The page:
Employees and staff spend a lot of time on the work premises – a good part of their lives are dedicated to their profession to ensure the welfare of the company and to earn their living. This is good (it’s productive), but it also leaves the employee at great risk of accidents at the workplace, simply because the amount of time spent at that particular workplace. Statistics are not in our favor, and most people have an accident at work sooner or later – usually minor, but sometimes very serious.
First aid – and the proper first aid training – is therefore a major concern. But what exactly does first aid entail? Naturally, there should be trained and qualified personnel at hand to deal with emergencies, but it’s also important for everyone to understand where the first aid box is, and what it should contain. Here is a detailed description of what should be included in your company’s first aid box.
The working environment
The working environment will largely determine what should be contained in the first aid box – it is the working environment that will determine the findings regarding risk assessment and lead to proper procedures to follow. These procedures automatically include first aid procedures, and hence what should be in the first aid box. However, regardless of what working environment you are in, there should be certain basic items – the absolute necessities.
The absolute necessities
The absolute necessities described here should be included in every first aid box, including those for low level risk areas. They include (but are not restricted to):
A leaflet that give basic instructions and advice on first aid (for example, a leaflet by HSE entitled ‘Basic Advice on First Aid at Work’).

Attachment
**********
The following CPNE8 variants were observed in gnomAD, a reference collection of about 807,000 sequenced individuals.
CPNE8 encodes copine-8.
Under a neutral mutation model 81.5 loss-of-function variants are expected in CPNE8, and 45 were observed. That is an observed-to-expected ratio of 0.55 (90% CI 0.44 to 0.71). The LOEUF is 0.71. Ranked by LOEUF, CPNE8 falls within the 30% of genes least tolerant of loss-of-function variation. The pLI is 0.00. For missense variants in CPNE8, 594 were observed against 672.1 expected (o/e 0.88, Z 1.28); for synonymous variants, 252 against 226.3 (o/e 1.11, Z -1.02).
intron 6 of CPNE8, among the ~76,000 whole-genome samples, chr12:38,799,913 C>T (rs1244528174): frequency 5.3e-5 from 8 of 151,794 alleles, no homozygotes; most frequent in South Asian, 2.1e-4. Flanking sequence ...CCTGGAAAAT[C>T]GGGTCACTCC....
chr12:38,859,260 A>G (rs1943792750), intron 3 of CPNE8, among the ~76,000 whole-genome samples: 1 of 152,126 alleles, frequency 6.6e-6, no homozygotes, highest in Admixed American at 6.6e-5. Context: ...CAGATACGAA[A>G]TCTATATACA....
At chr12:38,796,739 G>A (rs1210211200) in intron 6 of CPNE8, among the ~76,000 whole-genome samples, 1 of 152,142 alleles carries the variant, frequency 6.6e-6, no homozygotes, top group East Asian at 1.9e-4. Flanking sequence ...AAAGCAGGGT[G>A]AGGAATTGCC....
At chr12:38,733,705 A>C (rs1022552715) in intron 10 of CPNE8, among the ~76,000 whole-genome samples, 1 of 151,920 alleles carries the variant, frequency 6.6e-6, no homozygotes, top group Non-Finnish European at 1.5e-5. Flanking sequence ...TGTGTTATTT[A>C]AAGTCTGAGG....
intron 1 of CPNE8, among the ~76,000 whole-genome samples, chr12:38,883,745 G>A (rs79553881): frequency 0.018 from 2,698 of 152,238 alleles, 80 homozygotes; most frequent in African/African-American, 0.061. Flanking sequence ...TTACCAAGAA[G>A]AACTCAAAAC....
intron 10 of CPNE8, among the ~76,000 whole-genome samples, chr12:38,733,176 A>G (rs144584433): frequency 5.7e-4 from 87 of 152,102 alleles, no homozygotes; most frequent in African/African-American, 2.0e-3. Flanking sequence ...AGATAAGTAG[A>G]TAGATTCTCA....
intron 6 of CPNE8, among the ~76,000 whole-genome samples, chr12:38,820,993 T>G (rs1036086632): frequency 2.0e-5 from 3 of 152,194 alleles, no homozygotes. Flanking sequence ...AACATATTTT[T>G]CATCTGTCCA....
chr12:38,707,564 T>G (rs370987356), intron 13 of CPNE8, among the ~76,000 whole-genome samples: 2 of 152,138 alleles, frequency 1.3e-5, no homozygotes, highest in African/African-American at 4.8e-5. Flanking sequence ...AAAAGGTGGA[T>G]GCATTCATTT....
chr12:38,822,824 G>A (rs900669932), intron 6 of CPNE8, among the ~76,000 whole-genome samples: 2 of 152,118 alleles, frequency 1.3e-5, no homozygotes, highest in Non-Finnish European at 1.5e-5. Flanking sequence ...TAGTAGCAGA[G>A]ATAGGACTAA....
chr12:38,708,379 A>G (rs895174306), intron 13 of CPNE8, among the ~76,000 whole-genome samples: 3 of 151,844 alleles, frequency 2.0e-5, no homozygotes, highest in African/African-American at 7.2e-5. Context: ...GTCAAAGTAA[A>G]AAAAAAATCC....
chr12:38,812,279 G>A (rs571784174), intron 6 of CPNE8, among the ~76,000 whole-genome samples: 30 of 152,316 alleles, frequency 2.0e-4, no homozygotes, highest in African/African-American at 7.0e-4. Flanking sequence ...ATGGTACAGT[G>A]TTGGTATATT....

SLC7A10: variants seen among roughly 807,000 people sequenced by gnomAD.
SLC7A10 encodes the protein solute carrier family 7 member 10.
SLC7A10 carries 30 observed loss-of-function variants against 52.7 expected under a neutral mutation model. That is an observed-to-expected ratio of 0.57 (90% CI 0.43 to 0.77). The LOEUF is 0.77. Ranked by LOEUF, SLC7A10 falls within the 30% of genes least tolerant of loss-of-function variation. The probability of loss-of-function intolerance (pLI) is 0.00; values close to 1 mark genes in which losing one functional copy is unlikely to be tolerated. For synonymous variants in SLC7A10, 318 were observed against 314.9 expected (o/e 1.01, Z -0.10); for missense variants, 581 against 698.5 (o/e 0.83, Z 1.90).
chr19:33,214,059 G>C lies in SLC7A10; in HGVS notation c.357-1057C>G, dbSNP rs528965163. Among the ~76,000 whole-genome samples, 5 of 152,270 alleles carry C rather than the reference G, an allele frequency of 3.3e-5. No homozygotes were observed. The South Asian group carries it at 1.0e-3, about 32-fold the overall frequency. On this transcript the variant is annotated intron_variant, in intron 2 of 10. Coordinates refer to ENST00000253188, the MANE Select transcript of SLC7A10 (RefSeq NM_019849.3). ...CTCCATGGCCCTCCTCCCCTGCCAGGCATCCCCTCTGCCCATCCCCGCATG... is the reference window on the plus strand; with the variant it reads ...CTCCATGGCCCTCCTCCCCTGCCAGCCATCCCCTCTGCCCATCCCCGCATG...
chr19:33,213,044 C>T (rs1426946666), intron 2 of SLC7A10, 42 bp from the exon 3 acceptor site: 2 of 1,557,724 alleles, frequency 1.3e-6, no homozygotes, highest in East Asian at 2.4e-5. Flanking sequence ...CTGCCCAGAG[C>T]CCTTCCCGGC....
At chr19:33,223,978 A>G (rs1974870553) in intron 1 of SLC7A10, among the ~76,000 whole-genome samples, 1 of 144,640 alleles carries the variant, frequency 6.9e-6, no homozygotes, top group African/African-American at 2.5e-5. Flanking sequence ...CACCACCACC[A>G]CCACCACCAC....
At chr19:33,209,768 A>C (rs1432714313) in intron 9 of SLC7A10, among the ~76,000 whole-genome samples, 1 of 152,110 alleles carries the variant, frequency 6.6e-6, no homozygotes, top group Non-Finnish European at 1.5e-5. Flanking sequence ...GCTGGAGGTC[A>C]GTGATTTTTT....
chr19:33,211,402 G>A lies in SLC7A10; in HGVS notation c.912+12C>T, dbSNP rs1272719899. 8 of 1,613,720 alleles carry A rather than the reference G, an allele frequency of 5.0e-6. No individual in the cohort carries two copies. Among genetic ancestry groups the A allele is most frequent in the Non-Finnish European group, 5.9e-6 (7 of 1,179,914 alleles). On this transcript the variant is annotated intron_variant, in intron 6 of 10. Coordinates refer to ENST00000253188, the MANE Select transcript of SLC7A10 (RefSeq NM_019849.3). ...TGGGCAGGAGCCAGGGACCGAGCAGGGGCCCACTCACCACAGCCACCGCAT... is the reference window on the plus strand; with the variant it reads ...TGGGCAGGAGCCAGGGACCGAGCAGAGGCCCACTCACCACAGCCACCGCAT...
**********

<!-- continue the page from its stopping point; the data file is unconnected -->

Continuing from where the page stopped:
Individually wrapped sterile plasters, the size depending on the type of work in the area.
Sterile eye pads
Large sterile wound dressings
Disinfectants such as alcohol
Bear in mind that this is only a short list of basic necessities – employers should refer to the British Standard BS 8599, which provides much more detailed information on the required contents.
Also remember that it’s not recommended to keep medicine or tablets in the first aid box; they should be kept separately.
Keeping it up to date
Nothing lasts forever, and this goes double for the contents of a first aid kit – sometimes, it’s worse applying an expired bandage than it is to do nothing at all. Bandages need to remain sterile, but no matter how they are packed, they deteriorate over time. It’s the responsibility of the employer to ensure everything gets replaced periodically. Though there is no specific time table, it’s a good idea to check with the manufacturer if there is no expiry date listed on the products.
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